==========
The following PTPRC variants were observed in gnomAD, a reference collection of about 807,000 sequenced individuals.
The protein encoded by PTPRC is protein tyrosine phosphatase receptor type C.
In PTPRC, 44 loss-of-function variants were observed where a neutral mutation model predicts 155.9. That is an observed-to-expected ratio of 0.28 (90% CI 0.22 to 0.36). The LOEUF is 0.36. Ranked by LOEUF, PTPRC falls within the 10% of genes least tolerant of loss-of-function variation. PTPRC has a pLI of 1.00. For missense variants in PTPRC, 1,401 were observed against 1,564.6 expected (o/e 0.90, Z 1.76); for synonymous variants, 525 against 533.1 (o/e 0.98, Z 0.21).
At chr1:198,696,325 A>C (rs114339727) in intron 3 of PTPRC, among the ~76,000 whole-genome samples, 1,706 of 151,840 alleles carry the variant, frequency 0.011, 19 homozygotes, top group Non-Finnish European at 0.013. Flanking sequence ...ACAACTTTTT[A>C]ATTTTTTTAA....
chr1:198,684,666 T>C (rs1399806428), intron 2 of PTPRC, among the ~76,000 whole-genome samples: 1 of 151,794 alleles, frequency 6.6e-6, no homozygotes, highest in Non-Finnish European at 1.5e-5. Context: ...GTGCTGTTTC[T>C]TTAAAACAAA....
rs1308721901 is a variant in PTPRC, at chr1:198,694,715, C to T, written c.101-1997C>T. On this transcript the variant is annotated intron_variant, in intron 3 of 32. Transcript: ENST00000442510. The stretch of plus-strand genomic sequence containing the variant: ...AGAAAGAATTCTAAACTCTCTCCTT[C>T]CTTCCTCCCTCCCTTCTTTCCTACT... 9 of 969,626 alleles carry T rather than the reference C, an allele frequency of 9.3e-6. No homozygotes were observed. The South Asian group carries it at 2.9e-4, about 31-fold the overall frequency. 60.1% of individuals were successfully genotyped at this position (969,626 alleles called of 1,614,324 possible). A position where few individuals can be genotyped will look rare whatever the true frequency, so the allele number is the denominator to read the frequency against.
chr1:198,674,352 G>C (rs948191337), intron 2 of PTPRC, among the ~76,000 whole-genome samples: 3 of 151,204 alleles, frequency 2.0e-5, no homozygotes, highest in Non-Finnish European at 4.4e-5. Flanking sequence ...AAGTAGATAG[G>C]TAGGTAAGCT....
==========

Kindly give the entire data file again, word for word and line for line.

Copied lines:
The following PTPRC variants were observed in gnomAD, a reference collection of about 807,000 sequenced individuals.
The protein encoded by PTPRC is protein tyrosine phosphatase receptor type C.
In PTPRC, 44 loss-of-function variants were observed where a neutral mutation model predicts 155.9. That is an observed-to-expected ratio of 0.28 (90% CI 0.22 to 0.36). The LOEUF is 0.36. Ranked by LOEUF, PTPRC falls within the 10% of genes least tolerant of loss-of-function variation. PTPRC has a pLI of 1.00. For missense variants in PTPRC, 1,401 were observed against 1,564.6 expected (o/e 0.90, Z 1.76); for synonymous variants, 525 against 533.1 (o/e 0.98, Z 0.21).
At chr1:198,696,325 A>C (rs114339727) in intron 3 of PTPRC, among the ~76,000 whole-genome samples, 1,706 of 151,840 alleles carry the variant, frequency 0.011, 19 homozygotes, top group Non-Finnish European at 0.013. Flanking sequence ...ACAACTTTTT[A>C]ATTTTTTTAA....
chr1:198,684,666 T>C (rs1399806428), intron 2 of PTPRC, among the ~76,000 whole-genome samples: 1 of 151,794 alleles, frequency 6.6e-6, no homozygotes, highest in Non-Finnish European at 1.5e-5. Context: ...GTGCTGTTTC[T>C]TTAAAACAAA....
rs1308721901 is a variant in PTPRC, at chr1:198,694,715, C to T, written c.101-1997C>T. On this transcript the variant is annotated intron_variant, in intron 3 of 32. Transcript: ENST00000442510. The stretch of plus-strand genomic sequence containing the variant: ...AGAAAGAATTCTAAACTCTCTCCTT[C>T]CTTCCTCCCTCCCTTCTTTCCTACT... 9 of 969,626 alleles carry T rather than the reference C, an allele frequency of 9.3e-6. No homozygotes were observed. The South Asian group carries it at 2.9e-4, about 31-fold the overall frequency. 60.1% of individuals were successfully genotyped at this position (969,626 alleles called of 1,614,324 possible). A position where few individuals can be genotyped will look rare whatever the true frequency, so the allele number is the denominator to read the frequency against.
chr1:198,674,352 G>C (rs948191337), intron 2 of PTPRC, among the ~76,000 whole-genome samples: 3 of 151,204 alleles, frequency 2.0e-5, no homozygotes, highest in Non-Finnish European at 4.4e-5. Flanking sequence ...AAGTAGATAG[G>C]TAGGTAAGCT....